John, in writing this Gospel, was focused by the Holy Spirit upon a Theme of Death and Life for God's People, which is entirely wrapped up in Jesus.
In John 10 we had begun considering the Theme and it continues. It is interesting that Jesus in teaching and John in writing want us to focus now on the fact that Jesus is approaching the season of his Death and the resultant Resurrection. All present continue to miss it.
Moreover, Judas Iscariot is concerned about (and I am sure others present also wondered about it) the expense of such a gesture. Judas' service for God was in carrying the ministry's moneybag. Many segments of the Church through the ages majored on a concern for the poor and thus had set themselves up as collectors and keepers of money for the poor. Nothing new in this. Through the ages governments also did it (so much concern for the poor). Such concern originated with God. Such collecting and keeping originated with men.
To my mind, we should not condemn Judas here, nor criticize the Church for their emphasis through the ages, nor criticize governments. Such a concern, and fulfilling the concern, is of God and is entirely needful. Ah, but those close to Jesus (or wishing to be close to Jesus as in this passage) are being reminded by John (as he quotes Jesus) that even the commandment to care for the poor at any given moment is superseded by the actions of the Father and the Son. It is a matter of values: God's commandments or God's instant workings. True faith abides around the former until the latter comes into play.
But at the moment of the passage, all present seemed to have missed the latter. Not yet did anyone have even a murky understanding that Jesus would soon die, even though he had been telling them. They just could not grasp that the Son of God could or would die.
Nonetheless, because of what the Father was doing for His Son, a Solemn Spirit permeated the scene as Mary began anointing Jesus' feet. Something very Spiritually Significant was in the Works.
12:9 Much people of the Jews therefore knew that he was there: and they came not for Jesus' sake only, but that they might see Lazarus also, whom he had raised from the dead.
The fact of a Raised Lazarus seated among them was more than a “clue” to this very Spiritually Significant Season. Lazarus' dead body had been anointed not long ago by Mary, Martha, and other women, all of whom were now in attendance. Now Jesus' feet were being anointed.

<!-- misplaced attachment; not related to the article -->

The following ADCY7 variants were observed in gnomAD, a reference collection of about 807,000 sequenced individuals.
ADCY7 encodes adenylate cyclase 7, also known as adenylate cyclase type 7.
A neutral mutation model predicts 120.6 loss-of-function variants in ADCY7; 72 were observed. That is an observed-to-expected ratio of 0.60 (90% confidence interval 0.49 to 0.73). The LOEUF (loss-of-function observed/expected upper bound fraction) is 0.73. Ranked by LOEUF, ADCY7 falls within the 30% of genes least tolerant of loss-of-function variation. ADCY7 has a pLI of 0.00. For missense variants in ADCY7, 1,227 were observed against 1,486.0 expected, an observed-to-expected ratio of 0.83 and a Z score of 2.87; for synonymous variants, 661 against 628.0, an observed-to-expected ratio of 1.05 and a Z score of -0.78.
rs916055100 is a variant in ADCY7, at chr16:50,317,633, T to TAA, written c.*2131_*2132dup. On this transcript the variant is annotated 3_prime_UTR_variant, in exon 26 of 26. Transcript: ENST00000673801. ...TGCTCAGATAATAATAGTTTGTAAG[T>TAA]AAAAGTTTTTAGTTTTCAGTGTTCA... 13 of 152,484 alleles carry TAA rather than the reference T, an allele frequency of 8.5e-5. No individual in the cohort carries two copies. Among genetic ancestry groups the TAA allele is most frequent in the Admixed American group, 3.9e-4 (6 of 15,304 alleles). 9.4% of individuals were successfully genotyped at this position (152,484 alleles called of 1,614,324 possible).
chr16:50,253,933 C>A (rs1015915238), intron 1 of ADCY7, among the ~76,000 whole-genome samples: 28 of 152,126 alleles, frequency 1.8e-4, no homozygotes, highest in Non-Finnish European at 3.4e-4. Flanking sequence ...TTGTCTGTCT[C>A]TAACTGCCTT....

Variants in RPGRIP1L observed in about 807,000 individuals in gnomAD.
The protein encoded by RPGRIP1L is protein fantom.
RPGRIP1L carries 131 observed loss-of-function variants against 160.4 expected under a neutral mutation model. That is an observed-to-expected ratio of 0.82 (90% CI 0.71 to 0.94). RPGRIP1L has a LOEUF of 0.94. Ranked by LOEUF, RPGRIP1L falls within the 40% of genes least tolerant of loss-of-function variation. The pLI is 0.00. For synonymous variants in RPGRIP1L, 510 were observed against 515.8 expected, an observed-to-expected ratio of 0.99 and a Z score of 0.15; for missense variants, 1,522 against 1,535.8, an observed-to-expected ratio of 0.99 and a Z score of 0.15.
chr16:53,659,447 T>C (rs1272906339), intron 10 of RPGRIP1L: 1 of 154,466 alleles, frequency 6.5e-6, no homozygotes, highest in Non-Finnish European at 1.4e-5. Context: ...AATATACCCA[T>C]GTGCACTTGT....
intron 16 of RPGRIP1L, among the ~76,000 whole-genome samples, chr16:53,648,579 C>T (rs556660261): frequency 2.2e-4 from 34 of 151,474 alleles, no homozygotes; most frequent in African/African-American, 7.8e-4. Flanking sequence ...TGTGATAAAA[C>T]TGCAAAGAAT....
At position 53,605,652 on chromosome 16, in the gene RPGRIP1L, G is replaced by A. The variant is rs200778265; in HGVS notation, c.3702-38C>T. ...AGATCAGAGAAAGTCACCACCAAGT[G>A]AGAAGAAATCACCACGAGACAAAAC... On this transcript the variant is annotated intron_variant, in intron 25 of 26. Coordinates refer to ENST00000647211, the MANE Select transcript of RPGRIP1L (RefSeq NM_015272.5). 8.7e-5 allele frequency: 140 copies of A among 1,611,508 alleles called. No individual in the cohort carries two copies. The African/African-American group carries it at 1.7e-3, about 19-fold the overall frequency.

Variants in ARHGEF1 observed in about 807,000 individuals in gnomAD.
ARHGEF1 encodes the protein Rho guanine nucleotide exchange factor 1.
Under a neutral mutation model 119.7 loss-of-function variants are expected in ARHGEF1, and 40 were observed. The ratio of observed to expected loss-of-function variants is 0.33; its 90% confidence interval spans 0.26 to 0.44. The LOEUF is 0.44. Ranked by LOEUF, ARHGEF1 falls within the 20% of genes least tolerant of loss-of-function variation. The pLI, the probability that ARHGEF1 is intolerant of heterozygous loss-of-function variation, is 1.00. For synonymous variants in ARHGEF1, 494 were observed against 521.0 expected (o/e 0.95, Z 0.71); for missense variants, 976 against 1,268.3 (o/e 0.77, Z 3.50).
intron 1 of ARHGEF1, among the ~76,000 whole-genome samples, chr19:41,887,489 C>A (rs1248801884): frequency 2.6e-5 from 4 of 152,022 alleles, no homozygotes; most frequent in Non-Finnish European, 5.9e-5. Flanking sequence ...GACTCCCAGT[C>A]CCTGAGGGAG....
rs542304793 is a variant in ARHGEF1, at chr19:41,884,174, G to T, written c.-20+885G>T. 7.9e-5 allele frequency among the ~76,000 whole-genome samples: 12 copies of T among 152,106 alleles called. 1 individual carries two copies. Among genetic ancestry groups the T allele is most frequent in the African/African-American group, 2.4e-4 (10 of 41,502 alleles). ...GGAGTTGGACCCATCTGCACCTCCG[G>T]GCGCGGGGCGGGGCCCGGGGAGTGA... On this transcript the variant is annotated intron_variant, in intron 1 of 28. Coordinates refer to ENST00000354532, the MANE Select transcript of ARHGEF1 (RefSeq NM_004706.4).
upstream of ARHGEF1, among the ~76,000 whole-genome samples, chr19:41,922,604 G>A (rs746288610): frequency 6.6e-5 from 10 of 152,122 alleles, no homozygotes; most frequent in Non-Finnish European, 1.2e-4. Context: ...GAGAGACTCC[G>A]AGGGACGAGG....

Even after Jesus had commented as to the reason, I suspect that no one really “got it”. John, as he was writing this passage, probably smiled at how spiritually unconscious he had been at the time.
What did a dead person look like after being raised alive from the dead? People wanted to know and, of the visitors, how many were more interested in hearing what Lazarus had to say about such things?
But the chief priests consulted that they might put Lazarus also to
death; Because that by reason of him many of the Jews went away, and
faithed unto new-life]
12:12 On the next day much people that were come to the feast, when they heard that Jesus was coming to Jerusalem, Took branches of palm trees, and went forth to meet him, and cried, Hosanna: Blessed is the King of Israel that cometh in the name of the Lord.
A great many people were streaming in toward Jerusalem for the Passover and the Week of Unleavened Bread. Many had already secured lodging and many would be seeking lodging. The Season began in five days.
That week had two components:
But first we need to understand that each Jewish day began at evening (sundown) and extended unto evening (sundown) of the next day, twenty-four hours which included nighttime hours and daylight hours.
Therefore, at the time of this passage, the next Thursday evening at sundown was the beginning of Friday. This particular Friday was a holy day, the Day of Preparation for the Passover. Friday itself was considered a sabbath or a day in which no work could be done except the holy preparation.
The Passover itself was contained within the meal, which was a solemn ceremony of remembrance, and it lasted from sundown to midnight. For our way of thinking, it would begin at sundown on Friday and end at midnight. But to the Jew it was the very first holy thing to happen on this Holy Sabbath; and this Holy Day was the beginning of eight days of the Week of Unleavened Bread.
Whereas the Passover (the ceremonial meal) was a remembrance of the Passing Over of the Death Angel, this entire Week (sabbath to and including the next sabbath) was a remembrance to celebrate the duration of travel long ago in going from Goshen to a place in Egypt's wilderness where Israel would celebrate a feast of worship to Israel's God. Moses and Pharaoh had agreed upon it, and by the agreement the Isrealites were to return home to Goshen. It had so happened that the journey to the place of worship had taken seven days of travel (i.e. distance was measured in time traveled) and the next day was the day of the worshipful feast.
Moreover, it happened that God had commanded that the first Passover supper be with bread made from dough without any leaven. Thus, it happened that the people began their journey to the feast with unleavened dough. In the seven days of march they traveled night and day, led by God, and stopped only from time to time to make flatbread with that unleavened dough. They would catch a catnap and then would be led onward by God's Cloud by day and Fire by night.